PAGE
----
reviewing a motion to dismiss for lack of subject matter
jurisdiction, the Court must construe the Complaint in the
light most favorable to Plaintiff, accept as true all
well-pleaded facts and draw all reasonable inferences in her
favor. Long v. Shorebank Dev't Corp., 182 F.3d
548, 554 (7th Cir. 1999).
bears the burden of establishing that the Court's
jurisdictional requirements have been met. Ctr. for
Dermatology & Skin Cancer, Ltd. v. Burwell, 770 F.3d
586, 589 (7th Cir. 2014). Once her jurisdictional allegations
are challenged, Plaintiff must support those allegations by
competent proof. Thomson v. Gaskill, 315 U.S. 442,
446 (1942). For a Rule 12(b)(1) motion, the court “may
properly look beyond the jurisdictional allegations of the
complaint and view whatever evidence has been submitted on
the issue to determine whether in fact subject matter
jurisdiction exists.” Apex Digital, Inc. v. Sears,
Roebuck & Co., 572 F.3d 440, 444 (7th Cir. 2009)
(internal quotation omitted).
motion to dismiss is grounded in the general proposition that
the United States may not be sued without its consent,
pursuant to the doctrine of sovereign immunity. U.S.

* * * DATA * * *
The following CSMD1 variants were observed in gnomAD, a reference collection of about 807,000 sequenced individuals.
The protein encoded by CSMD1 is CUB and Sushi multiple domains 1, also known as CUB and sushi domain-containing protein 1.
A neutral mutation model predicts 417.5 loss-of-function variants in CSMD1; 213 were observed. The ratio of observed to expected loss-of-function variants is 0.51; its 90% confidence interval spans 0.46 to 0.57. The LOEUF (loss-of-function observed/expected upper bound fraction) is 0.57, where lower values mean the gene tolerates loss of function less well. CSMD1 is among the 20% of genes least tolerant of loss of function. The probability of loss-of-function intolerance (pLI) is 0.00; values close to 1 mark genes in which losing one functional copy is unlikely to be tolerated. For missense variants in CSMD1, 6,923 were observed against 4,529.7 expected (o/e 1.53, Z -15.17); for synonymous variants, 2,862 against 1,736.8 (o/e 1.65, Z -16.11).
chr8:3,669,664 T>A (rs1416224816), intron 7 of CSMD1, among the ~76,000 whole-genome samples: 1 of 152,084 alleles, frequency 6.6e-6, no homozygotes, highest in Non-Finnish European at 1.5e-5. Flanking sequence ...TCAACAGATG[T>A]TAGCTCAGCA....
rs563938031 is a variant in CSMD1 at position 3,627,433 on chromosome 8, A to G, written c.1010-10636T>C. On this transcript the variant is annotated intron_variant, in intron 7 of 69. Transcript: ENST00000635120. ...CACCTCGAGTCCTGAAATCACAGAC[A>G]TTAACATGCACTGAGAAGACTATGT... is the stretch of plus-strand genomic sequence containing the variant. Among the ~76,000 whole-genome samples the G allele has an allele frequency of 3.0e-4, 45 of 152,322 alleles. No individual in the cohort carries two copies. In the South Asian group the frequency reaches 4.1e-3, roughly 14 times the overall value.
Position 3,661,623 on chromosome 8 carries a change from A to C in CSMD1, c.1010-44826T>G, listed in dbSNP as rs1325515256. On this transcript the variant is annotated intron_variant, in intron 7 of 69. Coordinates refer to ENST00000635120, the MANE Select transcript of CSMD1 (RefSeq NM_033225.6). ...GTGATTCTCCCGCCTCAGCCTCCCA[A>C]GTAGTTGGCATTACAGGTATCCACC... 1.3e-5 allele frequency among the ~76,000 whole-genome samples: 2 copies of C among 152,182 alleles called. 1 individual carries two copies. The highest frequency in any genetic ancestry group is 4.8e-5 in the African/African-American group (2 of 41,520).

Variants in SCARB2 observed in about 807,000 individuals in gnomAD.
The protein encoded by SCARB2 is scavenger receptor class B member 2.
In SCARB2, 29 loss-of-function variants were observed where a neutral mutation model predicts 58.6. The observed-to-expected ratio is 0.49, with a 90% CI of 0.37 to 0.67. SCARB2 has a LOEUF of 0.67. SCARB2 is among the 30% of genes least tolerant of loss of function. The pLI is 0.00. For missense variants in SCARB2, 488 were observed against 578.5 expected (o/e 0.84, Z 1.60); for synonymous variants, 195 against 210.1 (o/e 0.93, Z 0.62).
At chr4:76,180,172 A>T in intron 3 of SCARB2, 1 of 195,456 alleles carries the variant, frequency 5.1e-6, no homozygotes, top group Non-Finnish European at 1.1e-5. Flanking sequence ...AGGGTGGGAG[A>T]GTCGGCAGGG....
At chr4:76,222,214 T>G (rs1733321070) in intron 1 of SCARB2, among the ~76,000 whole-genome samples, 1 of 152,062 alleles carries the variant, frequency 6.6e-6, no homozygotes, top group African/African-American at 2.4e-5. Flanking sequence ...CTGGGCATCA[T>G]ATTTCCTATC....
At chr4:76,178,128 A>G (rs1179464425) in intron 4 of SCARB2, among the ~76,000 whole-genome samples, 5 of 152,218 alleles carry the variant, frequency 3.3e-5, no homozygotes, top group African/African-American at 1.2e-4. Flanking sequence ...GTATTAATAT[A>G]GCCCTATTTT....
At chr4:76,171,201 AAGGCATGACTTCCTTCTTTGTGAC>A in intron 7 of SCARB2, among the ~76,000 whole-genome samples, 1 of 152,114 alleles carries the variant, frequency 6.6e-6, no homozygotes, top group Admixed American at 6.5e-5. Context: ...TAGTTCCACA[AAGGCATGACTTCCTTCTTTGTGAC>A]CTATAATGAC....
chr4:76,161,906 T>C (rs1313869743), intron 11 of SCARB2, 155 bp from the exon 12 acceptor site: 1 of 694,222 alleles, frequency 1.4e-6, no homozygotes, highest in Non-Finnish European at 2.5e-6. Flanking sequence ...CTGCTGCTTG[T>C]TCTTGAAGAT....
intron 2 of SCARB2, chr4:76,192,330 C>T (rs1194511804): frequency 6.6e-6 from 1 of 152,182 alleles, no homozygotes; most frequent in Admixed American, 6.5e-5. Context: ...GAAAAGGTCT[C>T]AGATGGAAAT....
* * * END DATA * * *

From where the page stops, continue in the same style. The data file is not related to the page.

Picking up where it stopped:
Dept. of Energy v. Ohio, 503 U.S. 607, 615 (1992). The
government may waive its sovereign immunity, but such waiver
must be unequivocally expressed. Kuznitsky v. United
States, 17 F.3d 1029, 1031 (7th Cir. 1994). In addition,
the government has the power to attach conditions to its
consent to be sued. Id. The Court will consider each
of Plaintiff's claims in light of these general
Count I - Damages
order to sue the United States for damages, Plaintiff must
demonstrate that her claim falls within an operative waiver
of sovereign immunity and that she has exhausted her
administrative remedies. Plaintiff's damages claim fails,
as explained below.
Plaintiff Is Ostensibly Outside The Purview Of §
mentioned supra, Plaintiff's damages claim is
governed by 26 U.S.C. § 7433(a), which provides:
If, in connection with any collection of Federal tax with
respect to a taxpayer, any officer or employee of the
Internal Revenue Service recklessly or intentionally, or by
reason of negligence, disregards any provision of this title,
or any regulation promulgated under this title, such
taxpayer may bring a civil action ...